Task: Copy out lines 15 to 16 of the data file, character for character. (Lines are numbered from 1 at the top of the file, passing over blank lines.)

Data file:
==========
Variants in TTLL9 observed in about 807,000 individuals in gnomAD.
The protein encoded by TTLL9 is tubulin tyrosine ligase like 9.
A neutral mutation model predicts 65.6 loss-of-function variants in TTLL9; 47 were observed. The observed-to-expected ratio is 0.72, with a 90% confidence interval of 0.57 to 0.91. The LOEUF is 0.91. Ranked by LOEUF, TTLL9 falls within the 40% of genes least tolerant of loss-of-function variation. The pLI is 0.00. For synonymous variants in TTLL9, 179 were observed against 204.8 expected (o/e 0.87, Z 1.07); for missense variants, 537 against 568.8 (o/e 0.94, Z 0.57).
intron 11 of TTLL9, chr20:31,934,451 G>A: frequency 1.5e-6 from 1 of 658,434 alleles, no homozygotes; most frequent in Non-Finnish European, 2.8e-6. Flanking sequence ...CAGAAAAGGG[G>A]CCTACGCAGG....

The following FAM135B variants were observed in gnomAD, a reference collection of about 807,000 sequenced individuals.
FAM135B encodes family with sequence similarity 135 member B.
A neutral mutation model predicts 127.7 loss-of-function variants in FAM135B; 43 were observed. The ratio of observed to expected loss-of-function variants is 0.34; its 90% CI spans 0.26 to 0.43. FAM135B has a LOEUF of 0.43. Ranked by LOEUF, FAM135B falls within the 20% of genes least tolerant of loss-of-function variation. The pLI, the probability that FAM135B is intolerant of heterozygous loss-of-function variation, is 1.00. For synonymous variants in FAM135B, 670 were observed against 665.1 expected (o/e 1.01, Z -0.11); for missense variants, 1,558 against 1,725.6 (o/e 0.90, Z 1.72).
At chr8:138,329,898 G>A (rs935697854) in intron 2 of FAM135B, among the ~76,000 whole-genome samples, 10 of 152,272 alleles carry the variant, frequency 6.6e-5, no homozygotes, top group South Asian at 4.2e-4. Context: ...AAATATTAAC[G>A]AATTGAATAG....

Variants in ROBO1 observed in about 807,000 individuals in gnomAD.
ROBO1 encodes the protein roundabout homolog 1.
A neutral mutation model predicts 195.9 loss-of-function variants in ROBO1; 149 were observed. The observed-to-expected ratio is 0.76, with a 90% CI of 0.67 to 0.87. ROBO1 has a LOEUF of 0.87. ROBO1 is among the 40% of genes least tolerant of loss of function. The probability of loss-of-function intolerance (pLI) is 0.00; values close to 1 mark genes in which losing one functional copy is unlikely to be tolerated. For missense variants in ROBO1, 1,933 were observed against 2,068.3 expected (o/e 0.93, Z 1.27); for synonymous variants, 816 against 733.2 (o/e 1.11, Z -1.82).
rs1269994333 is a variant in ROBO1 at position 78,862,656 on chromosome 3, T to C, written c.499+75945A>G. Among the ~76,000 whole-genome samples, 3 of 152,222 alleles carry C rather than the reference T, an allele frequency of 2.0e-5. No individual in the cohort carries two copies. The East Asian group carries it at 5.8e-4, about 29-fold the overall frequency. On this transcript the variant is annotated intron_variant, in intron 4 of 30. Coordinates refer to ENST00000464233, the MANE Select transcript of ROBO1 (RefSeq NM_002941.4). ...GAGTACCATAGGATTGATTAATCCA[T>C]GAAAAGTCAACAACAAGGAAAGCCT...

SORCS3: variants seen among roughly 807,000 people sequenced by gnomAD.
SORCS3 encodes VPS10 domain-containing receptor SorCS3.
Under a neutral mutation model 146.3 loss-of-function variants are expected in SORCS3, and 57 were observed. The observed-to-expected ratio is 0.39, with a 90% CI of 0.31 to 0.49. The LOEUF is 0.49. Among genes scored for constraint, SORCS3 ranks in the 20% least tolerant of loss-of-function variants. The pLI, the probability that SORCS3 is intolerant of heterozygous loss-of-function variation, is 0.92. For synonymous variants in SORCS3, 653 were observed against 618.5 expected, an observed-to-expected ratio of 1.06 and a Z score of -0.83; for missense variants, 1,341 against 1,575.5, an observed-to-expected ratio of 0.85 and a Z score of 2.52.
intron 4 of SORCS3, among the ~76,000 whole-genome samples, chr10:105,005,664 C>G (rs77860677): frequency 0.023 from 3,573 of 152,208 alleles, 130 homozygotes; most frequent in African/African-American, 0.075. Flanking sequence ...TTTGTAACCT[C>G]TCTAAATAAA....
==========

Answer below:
Under a neutral mutation model 146.3 loss-of-function variants are expected in SORCS3, and 57 were observed. The observed-to-expected ratio is 0.39, with a 90% CI of 0.31 to 0.49. The LOEUF is 0.49. Among genes scored for constraint, SORCS3 ranks in the 20% least tolerant of loss-of-function variants. The pLI, the probability that SORCS3 is intolerant of heterozygous loss-of-function variation, is 0.92. For synonymous variants in SORCS3, 653 were observed against 618.5 expected, an observed-to-expected ratio of 1.06 and a Z score of -0.83; for missense variants, 1,341 against 1,575.5, an observed-to-expected ratio of 0.85 and a Z score of 2.52.
intron 4 of SORCS3, among the ~76,000 whole-genome samples, chr10:105,005,664 C>G (rs77860677): frequency 0.023 from 3,573 of 152,208 alleles, 130 homozygotes; most frequent in African/African-American, 0.075. Flanking sequence ...TTTGTAACCT[C>G]TCTAAATAAA....